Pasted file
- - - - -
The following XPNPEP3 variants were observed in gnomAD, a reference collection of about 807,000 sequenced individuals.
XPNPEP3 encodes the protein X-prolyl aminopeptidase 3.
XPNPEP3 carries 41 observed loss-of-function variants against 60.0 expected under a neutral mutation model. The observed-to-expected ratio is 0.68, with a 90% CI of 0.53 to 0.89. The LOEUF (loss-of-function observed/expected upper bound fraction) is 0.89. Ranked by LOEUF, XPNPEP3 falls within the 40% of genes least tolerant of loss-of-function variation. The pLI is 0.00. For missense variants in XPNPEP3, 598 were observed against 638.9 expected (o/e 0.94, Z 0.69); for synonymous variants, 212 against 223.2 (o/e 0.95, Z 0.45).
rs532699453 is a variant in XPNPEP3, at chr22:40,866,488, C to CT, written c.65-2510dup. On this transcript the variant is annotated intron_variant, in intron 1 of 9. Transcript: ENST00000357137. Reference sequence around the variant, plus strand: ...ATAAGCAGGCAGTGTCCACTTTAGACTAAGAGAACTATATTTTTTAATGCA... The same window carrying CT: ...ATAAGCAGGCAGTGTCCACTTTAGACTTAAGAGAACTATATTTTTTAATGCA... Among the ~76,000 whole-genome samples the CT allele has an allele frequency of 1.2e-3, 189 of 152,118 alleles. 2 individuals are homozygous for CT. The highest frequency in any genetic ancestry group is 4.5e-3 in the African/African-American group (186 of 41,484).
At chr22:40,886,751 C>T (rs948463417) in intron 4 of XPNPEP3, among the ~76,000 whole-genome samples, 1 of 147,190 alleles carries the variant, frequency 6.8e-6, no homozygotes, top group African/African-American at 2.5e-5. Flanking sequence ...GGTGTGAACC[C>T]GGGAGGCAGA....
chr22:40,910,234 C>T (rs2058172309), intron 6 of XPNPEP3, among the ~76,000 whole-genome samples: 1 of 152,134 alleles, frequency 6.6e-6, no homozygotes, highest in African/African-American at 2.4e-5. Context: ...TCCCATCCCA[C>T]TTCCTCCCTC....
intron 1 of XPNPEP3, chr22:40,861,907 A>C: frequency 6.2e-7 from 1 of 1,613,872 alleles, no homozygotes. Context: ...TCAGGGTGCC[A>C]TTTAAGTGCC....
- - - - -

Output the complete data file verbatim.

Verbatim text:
The following XPNPEP3 variants were observed in gnomAD, a reference collection of about 807,000 sequenced individuals.
XPNPEP3 encodes the protein X-prolyl aminopeptidase 3.
XPNPEP3 carries 41 observed loss-of-function variants against 60.0 expected under a neutral mutation model. The observed-to-expected ratio is 0.68, with a 90% CI of 0.53 to 0.89. The LOEUF (loss-of-function observed/expected upper bound fraction) is 0.89. Ranked by LOEUF, XPNPEP3 falls within the 40% of genes least tolerant of loss-of-function variation. The pLI is 0.00. For missense variants in XPNPEP3, 598 were observed against 638.9 expected (o/e 0.94, Z 0.69); for synonymous variants, 212 against 223.2 (o/e 0.95, Z 0.45).
rs532699453 is a variant in XPNPEP3, at chr22:40,866,488, C to CT, written c.65-2510dup. On this transcript the variant is annotated intron_variant, in intron 1 of 9. Transcript: ENST00000357137. Reference sequence around the variant, plus strand: ...ATAAGCAGGCAGTGTCCACTTTAGACTAAGAGAACTATATTTTTTAATGCA... The same window carrying CT: ...ATAAGCAGGCAGTGTCCACTTTAGACTTAAGAGAACTATATTTTTTAATGCA... Among the ~76,000 whole-genome samples the CT allele has an allele frequency of 1.2e-3, 189 of 152,118 alleles. 2 individuals are homozygous for CT. The highest frequency in any genetic ancestry group is 4.5e-3 in the African/African-American group (186 of 41,484).
At chr22:40,886,751 C>T (rs948463417) in intron 4 of XPNPEP3, among the ~76,000 whole-genome samples, 1 of 147,190 alleles carries the variant, frequency 6.8e-6, no homozygotes, top group African/African-American at 2.5e-5. Flanking sequence ...GGTGTGAACC[C>T]GGGAGGCAGA....
chr22:40,910,234 C>T (rs2058172309), intron 6 of XPNPEP3, among the ~76,000 whole-genome samples: 1 of 152,134 alleles, frequency 6.6e-6, no homozygotes, highest in African/African-American at 2.4e-5. Context: ...TCCCATCCCA[C>T]TTCCTCCCTC....
intron 1 of XPNPEP3, chr22:40,861,907 A>C: frequency 6.2e-7 from 1 of 1,613,872 alleles, no homozygotes. Context: ...TCAGGGTGCC[A>C]TTTAAGTGCC....